Quite often things take longer then expected! But today marks the official start of something new.
Ive been trying to get something off the ground for over 12 months and after a few misguided attempts today marked the incorporation of a new business.
We’ve got a lot ahead of us before we’ll be in a position to talk about it but it is a great feeling to have my own business again.
Today marks the point where various prototypes from the last 6 months get put to the side and we start development of what will hopefully be v1 of our product.
Getting started is always a hump to get over, but while we have lots of challenges ahead of us as we begin to build a new business from the ground up, we now have a single minded goal and focus to aim at.
I’ve found there 17 Awesome Apps for Architects and Designers page a place I return after first seeing it a couple of years ago. It is great to see the apps that people are creating but I also use it to see if there are any potential gaps that I might be able to fill.
I can see a couple and am starting to explore and prototype some things to see where this may lead.
The posts on the Architizer instagram channel also provide some very useful inspiration and generate a lot of thoughts around some of my ideas.
I’m just back from a few days in Newcastle for the ninth bim show live event.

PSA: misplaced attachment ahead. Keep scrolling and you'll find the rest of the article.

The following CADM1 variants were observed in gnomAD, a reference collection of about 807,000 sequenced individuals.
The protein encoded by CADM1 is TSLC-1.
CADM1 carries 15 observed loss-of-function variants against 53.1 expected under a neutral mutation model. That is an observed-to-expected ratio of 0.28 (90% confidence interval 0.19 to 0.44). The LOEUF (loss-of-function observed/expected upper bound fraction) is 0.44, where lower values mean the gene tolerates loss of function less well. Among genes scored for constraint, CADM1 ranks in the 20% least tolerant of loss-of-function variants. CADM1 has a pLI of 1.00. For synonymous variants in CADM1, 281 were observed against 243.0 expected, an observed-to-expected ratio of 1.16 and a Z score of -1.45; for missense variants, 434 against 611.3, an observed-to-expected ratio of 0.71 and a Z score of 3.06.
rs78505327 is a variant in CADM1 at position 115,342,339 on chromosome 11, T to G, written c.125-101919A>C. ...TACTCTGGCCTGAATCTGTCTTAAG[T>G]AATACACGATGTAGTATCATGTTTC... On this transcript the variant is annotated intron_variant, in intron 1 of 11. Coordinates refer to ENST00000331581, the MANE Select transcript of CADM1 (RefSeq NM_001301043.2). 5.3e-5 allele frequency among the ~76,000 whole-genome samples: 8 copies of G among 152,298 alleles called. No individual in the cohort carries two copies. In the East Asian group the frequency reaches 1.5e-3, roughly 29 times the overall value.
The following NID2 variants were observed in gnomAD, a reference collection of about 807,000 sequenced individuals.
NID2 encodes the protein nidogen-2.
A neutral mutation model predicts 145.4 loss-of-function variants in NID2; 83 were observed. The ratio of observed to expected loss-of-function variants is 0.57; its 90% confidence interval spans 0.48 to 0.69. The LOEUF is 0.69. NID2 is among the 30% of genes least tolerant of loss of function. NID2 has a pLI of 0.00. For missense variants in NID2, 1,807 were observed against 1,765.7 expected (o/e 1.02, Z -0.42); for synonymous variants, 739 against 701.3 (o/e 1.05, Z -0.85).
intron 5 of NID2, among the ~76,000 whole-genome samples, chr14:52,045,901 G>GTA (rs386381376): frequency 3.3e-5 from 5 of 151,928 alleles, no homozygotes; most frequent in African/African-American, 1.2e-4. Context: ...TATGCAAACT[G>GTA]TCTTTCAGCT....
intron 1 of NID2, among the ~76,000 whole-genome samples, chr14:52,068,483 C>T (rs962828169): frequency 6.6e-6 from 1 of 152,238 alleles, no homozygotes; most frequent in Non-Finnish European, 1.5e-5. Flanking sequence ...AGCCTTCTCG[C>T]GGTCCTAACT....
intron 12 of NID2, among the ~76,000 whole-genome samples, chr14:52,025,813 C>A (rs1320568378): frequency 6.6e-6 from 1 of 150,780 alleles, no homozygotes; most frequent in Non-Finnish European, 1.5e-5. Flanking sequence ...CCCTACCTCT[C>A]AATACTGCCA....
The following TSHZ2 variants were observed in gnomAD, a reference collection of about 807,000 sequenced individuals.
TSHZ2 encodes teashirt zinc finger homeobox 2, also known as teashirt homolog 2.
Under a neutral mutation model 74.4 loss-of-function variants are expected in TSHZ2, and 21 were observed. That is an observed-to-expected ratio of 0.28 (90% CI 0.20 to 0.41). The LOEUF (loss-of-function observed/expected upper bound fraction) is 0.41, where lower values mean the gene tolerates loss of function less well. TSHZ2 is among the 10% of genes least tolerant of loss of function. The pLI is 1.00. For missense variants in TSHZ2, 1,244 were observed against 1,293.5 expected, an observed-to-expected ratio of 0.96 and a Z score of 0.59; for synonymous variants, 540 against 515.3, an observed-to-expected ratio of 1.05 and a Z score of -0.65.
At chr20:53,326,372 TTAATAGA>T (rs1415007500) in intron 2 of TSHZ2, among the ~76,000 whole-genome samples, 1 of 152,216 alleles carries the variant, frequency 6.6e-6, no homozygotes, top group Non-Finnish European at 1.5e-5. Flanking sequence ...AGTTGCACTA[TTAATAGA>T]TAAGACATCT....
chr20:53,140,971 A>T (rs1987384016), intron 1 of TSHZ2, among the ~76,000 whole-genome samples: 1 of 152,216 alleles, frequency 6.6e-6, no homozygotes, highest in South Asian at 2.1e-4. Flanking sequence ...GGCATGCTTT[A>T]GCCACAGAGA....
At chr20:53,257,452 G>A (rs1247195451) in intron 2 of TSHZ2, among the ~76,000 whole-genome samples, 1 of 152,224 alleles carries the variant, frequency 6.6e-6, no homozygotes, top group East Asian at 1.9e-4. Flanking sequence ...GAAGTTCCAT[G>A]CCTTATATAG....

Its the first time I’ve attended but I have to say that Rob and the team put on an outstanding event packed full with a huge line up of speakers and exhibitors.
It was great as always to catch up with Rob Jackson and meet Emma Hooper. The work these two are doing primarily for Bond Bryan but also the wider community is incredible – I’m not sure where they find the hours for it all. They had two presentations regarding Better Information Management which were brilliant.
It was great to catch up with and also hear David Philp presenting as the Chair on the first day. It is a few years since David was down in New Zealand but it was good to reconnect.
Paul Tunstall’s demo of Rhino/Grasshopper/ArchiCAD/Twinmotion while showing me things I’ve seen many times before really started me thinking about something.
There was a good balance of presentations and social time and I hope I can make the trip across to attend again next year.
I also enjoyed getting out for a run and taking in some of the local architecture.
I’m in Bristol catching up with my former team from Cadimage UK. We’re almost on the shortest day, so there is more dark then light. It was a great change to test out the camera on my new iPhone 11 Pro.
Its safe to say I’m pretty impressed. Equally impressive is the lighting on the University and Cathedral.
Over the years I have travelled through countless airports and a number of train stations. Though train stations were built decades before airports the architecture catering for the mass transit of people is awe inspiring in both contexts.
Paddington is a regular of mine and it always evokes thoughts of steam trains and pullman carriages
Airports are equally impressive and have allowed many architects amazing expressions of structure to create grand spaces
I was in Christchurch Airport earlier this year and was impressed with the detailing in the regional waiting area:
Below are some shots from London Terminal 5, Taipei, Dubai, Hong Kong and Zurich